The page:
On Wednesday, Japan launched a new 12-year whaling program in the northwestern Pacific Ocean. For 2017, the program will target 43 minke whales and 134 endangered sei whales, enough for a total catch of at least six million pounds.
The total target numbers are lower than in years past: the take has gradually fallen from a peak harvest of 375 whales in 2005, in line with falling demand for whale meat among the Japanese public. Although numbers are down, animal rights groups are concerned that Japan plans to target sei whales, which are on the CITES 1 list of species that cannot be commercially traded.
Japan's Institute for Cetacean Research harvests several hundred whales a year for what it describes as scientific purposes, then sells them to distributors for food, a revenue-generating program that underwrites a portion of its research. While Japan maintains that the program is conducted for legitimate scientific purposes, most foreign observers contend that the research is a form of diplomatic cover for commercial whaling, which is banned by the International Whaling Commission (IWC). The IWC and the International Court of Justice in the Hague have both concluded that the program does not contribute to scientific knowledge. (Norway and Iceland continue whaling for commercial purposes in spite of the ban, without describing it as research.)
While Japan's whaling continues, underwritten by the government, Japanese consumers are eating much less whale meat than in years past. Growing awareness of the high levels of mercury, cadmium, PCBs, dioxins and pesticides found in cetaceans may play a contributing role in declining demand.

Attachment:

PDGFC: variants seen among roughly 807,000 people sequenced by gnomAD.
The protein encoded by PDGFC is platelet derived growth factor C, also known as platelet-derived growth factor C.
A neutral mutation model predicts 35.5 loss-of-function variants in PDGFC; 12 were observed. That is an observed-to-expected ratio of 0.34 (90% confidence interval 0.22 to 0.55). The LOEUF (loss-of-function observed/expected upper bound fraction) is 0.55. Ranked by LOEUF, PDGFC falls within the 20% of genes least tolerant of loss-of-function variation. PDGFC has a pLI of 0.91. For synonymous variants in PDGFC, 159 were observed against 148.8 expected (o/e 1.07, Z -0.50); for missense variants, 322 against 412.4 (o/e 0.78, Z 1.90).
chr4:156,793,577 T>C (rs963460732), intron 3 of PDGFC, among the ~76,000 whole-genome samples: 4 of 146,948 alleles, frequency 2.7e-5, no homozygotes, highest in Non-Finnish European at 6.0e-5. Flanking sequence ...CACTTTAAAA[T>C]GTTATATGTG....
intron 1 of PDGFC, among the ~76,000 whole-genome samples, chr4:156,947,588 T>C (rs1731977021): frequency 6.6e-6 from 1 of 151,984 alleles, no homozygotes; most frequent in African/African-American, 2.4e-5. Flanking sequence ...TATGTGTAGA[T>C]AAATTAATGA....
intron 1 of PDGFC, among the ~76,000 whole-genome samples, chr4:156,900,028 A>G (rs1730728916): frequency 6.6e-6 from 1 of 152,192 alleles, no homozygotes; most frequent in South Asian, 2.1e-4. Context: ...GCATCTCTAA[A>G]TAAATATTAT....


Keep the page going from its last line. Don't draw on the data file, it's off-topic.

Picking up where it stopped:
Chris Burgess, a lecturer in Japanese Studies at Tsuda Juku University, suggests that Japan's insistence on whaling has much more to do with identity than with market demand. “The growing polarisation of the debate, with ‘Western’ moral and green arguments being matched in emotional intensity by the Japanese emphasis on national pride and racial identity, make prospects for a compromise more distant than they have ever been,” he wrote for The Asia-Pacific Journal last year. "The issue of whaling has been portrayed by its Japanese supporters as one of racial prejudice, discrimination, and persecution by white people against the Japanese race."
In past statements, Japanese officials have confirmed these sentiments. "Singling out [Japan's] whaling is cultural imperialism – some people would say it's racism. Norway and Iceland are also whalers, but the criticism of Japan is stronger," said Fisheries Agency official Joji Morishita in an interview with the BBC in 2001.
The “cultural identity” argument also includes a question of fairness: why is Japanese consumption of marine mammals any different from foreigners' consumption of land mammals? "To the Japanese, it is hypocritical that Westerners consider it morally wrong to kill certain mammals such as whales but consider it acceptable to kill others, such as kangaroos (in Australia) and cattle (in the United States)," writes Prof. Keiko Hirata of California State University-Northridge.
In a 2006 essay, Sea Shepherd founder Paul Watson pushed back against these cultural defenses of whaling, including the charge that Westerners are biased. "The opposition of the killing of anything cannot be dismissed as racist. There is no racial or cultural justification for slaughter. None. Especially for a practise that is not, and has never been, a tradition," he argued.